Multicultural Students

Group of students with different ethnic backgrounds sit together on a ledge

Advisors as Your Resource 

For all students wishing to study abroad—schedule an appointment with your academic advisor to determine how to best apply your coursework abroad towards graduation requirements and post-graduation goals. We also recommend you discuss questions or concerns about being a multicultural student with someone on campus with whom you are comfortable, such as your academic advisor or a staff member on campus (i.e. UMD Study Abroad office or Office of Diversity & Inclusion staff). It's imperative you address any concerns before embarking on an experience as major as studying abroad.

Things to Consider

You may experience anxiety regarding your acceptance, or ability to adapt socially and academically to your new host country. As a multicultural student, you may be concerned about facing potential racial bias and prejudice without the support system you have at home. On the other hand, you may be looking forward to being part of the majority population for the first time in your life. Or, you may be planning a self-discovery journey to the country or region of your family’s heritage. Whatever the impetus, studying abroad will present a unique learning opportunity that will serve you well in the future.

When considering potential destinations, make an informed choice. Take into consideration all facets of a culture, including possible racism. Research the political, cultural, and historical context of your country of interest to find information on the racial climate, and be prepared for what you may face. If you would like to speak with a student of your same racial or ethnic background, our office may be able to put you in touch with past multicultural students who have studied abroad.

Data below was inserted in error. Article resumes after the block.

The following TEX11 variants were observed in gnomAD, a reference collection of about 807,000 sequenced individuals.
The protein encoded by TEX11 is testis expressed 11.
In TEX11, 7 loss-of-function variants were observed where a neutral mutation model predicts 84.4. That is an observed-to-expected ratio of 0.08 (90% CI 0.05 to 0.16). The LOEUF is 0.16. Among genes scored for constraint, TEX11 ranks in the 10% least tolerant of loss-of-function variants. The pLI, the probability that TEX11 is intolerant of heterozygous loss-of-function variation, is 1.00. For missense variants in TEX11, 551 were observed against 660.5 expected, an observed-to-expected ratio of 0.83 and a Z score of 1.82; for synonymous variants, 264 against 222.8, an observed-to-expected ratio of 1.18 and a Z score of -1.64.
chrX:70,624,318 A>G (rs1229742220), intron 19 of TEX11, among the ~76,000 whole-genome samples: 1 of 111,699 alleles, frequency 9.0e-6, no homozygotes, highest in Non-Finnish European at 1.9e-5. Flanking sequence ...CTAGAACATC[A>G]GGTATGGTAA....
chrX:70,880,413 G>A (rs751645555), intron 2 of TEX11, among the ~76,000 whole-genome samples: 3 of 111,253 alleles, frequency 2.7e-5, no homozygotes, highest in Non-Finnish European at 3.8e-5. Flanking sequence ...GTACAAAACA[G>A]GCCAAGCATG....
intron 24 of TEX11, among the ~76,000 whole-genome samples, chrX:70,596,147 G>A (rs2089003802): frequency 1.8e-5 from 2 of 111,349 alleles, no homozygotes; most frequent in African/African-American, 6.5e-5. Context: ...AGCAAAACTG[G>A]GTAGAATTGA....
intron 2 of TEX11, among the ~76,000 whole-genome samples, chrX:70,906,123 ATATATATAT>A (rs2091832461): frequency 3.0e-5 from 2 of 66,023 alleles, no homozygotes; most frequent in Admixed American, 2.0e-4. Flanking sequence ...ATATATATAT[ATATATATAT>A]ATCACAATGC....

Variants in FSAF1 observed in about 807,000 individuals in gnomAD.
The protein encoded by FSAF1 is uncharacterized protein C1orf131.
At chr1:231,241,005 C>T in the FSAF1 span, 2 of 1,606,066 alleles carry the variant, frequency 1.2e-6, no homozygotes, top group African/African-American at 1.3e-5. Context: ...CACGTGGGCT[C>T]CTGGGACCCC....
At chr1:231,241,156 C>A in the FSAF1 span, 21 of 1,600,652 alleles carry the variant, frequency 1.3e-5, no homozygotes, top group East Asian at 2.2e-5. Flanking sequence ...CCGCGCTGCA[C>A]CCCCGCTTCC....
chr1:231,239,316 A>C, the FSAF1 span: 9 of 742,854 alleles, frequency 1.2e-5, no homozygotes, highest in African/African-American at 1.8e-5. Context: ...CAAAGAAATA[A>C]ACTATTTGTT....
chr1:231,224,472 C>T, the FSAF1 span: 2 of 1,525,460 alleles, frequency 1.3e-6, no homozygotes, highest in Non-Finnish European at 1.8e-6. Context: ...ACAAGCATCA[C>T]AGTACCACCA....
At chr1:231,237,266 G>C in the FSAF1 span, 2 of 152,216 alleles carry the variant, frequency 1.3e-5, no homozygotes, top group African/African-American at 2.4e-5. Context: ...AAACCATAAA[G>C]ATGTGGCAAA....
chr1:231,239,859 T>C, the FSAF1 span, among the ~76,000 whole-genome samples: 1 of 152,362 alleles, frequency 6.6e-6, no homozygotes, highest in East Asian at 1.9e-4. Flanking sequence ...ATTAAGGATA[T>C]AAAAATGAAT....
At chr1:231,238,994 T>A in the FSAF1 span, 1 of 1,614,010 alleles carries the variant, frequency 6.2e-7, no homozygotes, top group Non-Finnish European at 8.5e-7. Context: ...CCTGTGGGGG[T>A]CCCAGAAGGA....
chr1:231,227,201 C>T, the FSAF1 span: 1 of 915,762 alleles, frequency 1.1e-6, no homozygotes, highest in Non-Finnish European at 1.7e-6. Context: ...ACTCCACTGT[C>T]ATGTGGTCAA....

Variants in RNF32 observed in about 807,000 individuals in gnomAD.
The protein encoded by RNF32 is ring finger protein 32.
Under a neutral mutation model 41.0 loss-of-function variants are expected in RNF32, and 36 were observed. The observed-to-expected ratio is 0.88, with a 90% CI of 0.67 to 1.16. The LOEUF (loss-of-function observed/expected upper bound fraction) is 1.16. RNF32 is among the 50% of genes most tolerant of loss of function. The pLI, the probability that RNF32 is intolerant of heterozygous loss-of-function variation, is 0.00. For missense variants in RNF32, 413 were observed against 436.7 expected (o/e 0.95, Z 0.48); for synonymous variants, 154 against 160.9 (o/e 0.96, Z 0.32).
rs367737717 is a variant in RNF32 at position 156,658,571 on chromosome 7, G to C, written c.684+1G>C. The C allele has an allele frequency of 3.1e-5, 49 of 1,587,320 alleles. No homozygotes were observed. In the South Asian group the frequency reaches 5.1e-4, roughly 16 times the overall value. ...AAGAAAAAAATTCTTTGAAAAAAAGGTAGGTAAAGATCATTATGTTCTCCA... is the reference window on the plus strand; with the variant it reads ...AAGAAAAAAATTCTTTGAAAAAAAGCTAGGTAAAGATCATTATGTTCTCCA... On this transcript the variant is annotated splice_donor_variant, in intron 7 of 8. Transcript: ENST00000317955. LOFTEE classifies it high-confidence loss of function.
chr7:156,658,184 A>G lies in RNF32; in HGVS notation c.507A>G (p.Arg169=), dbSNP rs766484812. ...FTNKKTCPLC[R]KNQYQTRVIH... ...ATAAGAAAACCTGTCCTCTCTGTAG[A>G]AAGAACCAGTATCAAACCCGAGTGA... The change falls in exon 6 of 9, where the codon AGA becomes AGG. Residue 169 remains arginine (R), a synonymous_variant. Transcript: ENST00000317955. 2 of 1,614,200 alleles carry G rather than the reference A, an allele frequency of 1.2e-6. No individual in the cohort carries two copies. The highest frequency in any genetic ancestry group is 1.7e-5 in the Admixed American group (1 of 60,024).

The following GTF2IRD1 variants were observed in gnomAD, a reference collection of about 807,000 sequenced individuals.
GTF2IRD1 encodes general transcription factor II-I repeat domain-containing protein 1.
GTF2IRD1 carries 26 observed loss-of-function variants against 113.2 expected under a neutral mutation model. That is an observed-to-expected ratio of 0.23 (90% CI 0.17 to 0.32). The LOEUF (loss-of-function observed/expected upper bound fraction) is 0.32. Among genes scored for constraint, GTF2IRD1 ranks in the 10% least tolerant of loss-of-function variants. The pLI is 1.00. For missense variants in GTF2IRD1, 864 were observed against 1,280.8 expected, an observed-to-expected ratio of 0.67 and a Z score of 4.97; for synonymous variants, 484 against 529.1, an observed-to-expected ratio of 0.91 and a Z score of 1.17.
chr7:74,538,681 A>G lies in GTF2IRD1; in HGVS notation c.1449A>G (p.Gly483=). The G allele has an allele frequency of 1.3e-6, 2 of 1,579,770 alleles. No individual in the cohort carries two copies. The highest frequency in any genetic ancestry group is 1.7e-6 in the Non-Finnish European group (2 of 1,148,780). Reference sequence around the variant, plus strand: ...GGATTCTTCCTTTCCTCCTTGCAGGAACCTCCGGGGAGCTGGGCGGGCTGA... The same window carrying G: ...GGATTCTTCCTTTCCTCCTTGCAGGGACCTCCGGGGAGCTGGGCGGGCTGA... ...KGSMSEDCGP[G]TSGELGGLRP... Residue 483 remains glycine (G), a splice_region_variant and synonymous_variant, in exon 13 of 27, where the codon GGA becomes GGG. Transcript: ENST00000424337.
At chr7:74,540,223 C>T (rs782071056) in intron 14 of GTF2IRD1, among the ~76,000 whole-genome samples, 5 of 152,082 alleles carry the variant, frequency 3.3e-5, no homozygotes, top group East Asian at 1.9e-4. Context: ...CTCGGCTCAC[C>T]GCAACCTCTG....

It’s important to be aware of possible racial prejudices and discrimination that might exist in your country of interest. Certain situations may arise abroad that you should be aware of and able to overcome. Overcoming discrimination abroad can be similar to methods used at home. If possible, find new support groups and adjust to a new comfort zone while abroad. Learn as much as possible about the context of your host culture regarding issues such as race, ethnicity, and perceptions of minorities. Prevent tension by researching the host culture prior to departure. 

Questions to ask

  • What is the current status of race/ethnic relations in your country of interest? Are there local stereotypes or discrimination regarding individuals of my background that might be similar or different from what I experience in the U.S.?
  • Are there implications of studying in a location that is (or closely linked to) my family’s country of origin?
  • What are the implications for my experience of studying in a “third” culture (neither related to my heritage nor the U.S.)? 


The UMD Office of Diversity & Inclusion is another campus resource to connect with other multicultural students.

The University of Minnesota Global Programs & Strategy Alliance has developed an orientation video regarding Students of Color Studying Abroad.

Additional Links

Students of Color: Funding Options

Research programs and sources of funding for students of color groups in the U.S.: